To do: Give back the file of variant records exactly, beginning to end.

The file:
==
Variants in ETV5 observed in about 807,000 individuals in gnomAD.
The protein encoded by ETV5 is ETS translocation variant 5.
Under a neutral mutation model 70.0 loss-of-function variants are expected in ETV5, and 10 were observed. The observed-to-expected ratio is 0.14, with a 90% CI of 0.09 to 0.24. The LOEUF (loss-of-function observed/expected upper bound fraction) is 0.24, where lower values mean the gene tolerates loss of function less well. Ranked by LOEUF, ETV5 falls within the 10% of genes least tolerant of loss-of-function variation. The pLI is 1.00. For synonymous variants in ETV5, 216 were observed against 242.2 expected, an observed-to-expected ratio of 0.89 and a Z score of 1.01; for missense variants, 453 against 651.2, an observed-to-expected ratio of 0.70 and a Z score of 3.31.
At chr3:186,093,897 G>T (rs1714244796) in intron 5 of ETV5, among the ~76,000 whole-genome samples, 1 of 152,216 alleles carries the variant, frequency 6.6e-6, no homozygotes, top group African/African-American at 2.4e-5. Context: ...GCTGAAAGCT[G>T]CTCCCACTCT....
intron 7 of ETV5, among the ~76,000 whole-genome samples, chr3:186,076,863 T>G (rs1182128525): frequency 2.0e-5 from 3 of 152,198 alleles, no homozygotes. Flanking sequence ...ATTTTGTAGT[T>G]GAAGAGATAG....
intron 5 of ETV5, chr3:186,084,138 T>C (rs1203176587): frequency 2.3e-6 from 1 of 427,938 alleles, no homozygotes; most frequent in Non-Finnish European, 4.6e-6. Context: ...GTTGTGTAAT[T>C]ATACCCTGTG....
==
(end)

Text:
Variants in ETV5 observed in about 807,000 individuals in gnomAD.
The protein encoded by ETV5 is ETS translocation variant 5.
Under a neutral mutation model 70.0 loss-of-function variants are expected in ETV5, and 10 were observed. The observed-to-expected ratio is 0.14, with a 90% CI of 0.09 to 0.24. The LOEUF (loss-of-function observed/expected upper bound fraction) is 0.24, where lower values mean the gene tolerates loss of function less well. Ranked by LOEUF, ETV5 falls within the 10% of genes least tolerant of loss-of-function variation. The pLI is 1.00. For synonymous variants in ETV5, 216 were observed against 242.2 expected, an observed-to-expected ratio of 0.89 and a Z score of 1.01; for missense variants, 453 against 651.2, an observed-to-expected ratio of 0.70 and a Z score of 3.31.
At chr3:186,093,897 G>T (rs1714244796) in intron 5 of ETV5, among the ~76,000 whole-genome samples, 1 of 152,216 alleles carries the variant, frequency 6.6e-6, no homozygotes, top group African/African-American at 2.4e-5. Context: ...GCTGAAAGCT[G>T]CTCCCACTCT....
intron 7 of ETV5, among the ~76,000 whole-genome samples, chr3:186,076,863 T>G (rs1182128525): frequency 2.0e-5 from 3 of 152,198 alleles, no homozygotes. Flanking sequence ...ATTTTGTAGT[T>G]GAAGAGATAG....
intron 5 of ETV5, chr3:186,084,138 T>C (rs1203176587): frequency 2.3e-6 from 1 of 427,938 alleles, no homozygotes; most frequent in Non-Finnish European, 4.6e-6. Context: ...GTTGTGTAAT[T>C]ATACCCTGTG....